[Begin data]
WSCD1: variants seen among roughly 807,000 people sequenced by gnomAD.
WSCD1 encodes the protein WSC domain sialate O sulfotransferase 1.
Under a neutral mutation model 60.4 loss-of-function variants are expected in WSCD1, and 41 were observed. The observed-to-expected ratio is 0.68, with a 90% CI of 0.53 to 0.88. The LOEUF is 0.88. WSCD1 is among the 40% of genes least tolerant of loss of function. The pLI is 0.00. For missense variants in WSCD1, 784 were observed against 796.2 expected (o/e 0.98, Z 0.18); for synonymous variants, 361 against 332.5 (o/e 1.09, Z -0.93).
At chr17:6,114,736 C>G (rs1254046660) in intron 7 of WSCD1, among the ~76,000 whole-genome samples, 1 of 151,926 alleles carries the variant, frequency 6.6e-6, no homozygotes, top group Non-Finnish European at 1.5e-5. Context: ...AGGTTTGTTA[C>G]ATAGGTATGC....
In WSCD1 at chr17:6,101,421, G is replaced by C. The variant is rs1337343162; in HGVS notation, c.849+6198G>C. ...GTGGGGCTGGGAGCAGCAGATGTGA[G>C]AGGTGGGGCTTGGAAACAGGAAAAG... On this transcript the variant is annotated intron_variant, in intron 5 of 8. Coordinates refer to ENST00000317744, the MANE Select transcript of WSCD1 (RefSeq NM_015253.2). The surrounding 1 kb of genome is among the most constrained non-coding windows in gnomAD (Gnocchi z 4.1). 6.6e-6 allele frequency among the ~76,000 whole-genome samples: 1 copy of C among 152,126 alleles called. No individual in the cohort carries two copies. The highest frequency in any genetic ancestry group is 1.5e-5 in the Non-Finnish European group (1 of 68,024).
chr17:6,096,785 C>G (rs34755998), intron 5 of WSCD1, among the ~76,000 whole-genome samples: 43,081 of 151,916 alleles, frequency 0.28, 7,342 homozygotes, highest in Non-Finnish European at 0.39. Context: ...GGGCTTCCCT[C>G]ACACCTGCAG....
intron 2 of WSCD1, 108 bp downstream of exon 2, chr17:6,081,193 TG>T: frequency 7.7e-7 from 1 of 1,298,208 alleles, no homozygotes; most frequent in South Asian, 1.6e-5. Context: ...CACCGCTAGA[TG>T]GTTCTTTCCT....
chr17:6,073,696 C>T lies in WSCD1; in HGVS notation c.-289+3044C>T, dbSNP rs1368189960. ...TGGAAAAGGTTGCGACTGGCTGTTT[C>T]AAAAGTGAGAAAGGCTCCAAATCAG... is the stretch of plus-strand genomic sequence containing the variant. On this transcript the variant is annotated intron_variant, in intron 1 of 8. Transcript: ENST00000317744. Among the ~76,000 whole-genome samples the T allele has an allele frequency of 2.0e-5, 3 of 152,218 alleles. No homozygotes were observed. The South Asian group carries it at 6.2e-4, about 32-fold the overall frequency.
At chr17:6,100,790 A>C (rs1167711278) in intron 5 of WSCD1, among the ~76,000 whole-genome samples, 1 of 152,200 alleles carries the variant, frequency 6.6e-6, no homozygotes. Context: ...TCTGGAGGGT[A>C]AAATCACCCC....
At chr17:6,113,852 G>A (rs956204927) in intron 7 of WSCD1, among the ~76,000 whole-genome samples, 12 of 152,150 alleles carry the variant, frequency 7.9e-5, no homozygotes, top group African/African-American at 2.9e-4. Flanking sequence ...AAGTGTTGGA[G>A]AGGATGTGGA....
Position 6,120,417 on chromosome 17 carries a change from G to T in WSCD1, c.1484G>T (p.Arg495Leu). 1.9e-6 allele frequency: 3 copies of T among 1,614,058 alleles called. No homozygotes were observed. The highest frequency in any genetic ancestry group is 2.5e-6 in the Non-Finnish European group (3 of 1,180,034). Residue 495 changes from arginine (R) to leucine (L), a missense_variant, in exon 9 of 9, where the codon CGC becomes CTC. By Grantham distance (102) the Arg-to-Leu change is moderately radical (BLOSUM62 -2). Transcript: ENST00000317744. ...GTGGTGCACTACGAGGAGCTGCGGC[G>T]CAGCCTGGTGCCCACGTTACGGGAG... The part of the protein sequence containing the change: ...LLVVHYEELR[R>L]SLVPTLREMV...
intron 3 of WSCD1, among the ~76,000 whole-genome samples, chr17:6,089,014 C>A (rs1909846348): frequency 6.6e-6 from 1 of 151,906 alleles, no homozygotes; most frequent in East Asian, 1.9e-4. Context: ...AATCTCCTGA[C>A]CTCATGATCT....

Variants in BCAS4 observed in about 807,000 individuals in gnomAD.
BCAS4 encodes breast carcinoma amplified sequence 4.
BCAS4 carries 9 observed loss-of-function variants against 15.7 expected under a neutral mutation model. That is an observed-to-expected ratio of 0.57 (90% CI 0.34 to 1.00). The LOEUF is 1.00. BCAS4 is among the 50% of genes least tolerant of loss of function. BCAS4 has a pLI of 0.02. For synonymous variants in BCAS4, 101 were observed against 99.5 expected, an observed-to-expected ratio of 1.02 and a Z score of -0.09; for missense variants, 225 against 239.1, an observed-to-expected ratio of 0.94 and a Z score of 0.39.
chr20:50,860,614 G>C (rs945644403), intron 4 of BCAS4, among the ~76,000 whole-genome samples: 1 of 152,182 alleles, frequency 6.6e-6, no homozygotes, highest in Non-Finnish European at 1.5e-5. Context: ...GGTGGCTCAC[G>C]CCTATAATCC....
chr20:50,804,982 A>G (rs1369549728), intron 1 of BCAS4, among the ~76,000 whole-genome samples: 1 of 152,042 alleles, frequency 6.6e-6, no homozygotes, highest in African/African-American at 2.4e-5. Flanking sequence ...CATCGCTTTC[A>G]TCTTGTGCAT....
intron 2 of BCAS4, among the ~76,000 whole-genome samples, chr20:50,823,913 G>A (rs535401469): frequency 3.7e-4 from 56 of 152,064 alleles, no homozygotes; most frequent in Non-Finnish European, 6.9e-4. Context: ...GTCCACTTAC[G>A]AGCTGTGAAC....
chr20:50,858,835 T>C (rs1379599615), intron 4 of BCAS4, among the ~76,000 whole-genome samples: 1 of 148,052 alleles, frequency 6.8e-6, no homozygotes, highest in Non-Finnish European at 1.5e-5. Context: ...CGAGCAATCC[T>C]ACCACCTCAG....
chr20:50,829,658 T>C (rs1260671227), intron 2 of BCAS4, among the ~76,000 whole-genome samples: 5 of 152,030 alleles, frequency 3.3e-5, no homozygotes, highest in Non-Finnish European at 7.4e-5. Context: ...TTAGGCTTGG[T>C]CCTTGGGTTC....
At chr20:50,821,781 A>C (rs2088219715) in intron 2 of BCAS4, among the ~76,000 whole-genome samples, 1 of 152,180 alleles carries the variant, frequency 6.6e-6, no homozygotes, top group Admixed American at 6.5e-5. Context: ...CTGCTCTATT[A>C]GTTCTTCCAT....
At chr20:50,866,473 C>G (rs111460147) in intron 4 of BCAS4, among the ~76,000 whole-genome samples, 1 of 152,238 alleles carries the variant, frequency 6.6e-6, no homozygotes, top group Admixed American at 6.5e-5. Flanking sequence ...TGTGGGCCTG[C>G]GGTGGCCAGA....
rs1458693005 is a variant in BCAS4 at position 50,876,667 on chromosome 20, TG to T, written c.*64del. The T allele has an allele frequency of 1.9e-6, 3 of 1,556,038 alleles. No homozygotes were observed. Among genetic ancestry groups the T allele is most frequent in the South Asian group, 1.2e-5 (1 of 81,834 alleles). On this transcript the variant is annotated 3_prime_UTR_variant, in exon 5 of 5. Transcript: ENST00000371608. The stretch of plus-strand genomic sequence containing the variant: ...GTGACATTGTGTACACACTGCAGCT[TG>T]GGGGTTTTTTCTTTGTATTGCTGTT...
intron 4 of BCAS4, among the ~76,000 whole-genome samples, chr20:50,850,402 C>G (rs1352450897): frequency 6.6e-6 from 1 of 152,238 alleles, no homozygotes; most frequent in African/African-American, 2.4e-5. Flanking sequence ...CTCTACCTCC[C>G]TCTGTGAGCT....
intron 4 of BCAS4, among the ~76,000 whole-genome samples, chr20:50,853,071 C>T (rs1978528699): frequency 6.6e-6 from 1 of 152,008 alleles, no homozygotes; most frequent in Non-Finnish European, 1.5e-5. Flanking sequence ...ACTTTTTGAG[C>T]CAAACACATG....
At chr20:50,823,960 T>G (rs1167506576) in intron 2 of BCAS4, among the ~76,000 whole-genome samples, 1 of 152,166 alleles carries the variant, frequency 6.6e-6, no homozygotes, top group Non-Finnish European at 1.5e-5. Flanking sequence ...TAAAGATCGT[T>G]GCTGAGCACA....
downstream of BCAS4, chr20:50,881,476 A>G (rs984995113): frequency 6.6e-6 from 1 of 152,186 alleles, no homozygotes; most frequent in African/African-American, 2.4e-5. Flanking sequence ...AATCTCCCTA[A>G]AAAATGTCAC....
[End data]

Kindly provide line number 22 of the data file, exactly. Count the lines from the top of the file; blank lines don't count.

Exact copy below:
At chr20:50,866,473 C>G (rs111460147) in intron 4 of BCAS4, among the ~76,000 whole-genome samples, 1 of 152,238 alleles carries the variant, frequency 6.6e-6, no homozygotes, top group Admixed American at 6.5e-5. Flanking sequence ...TGTGGGCCTG[C>G]GGTGGCCAGA....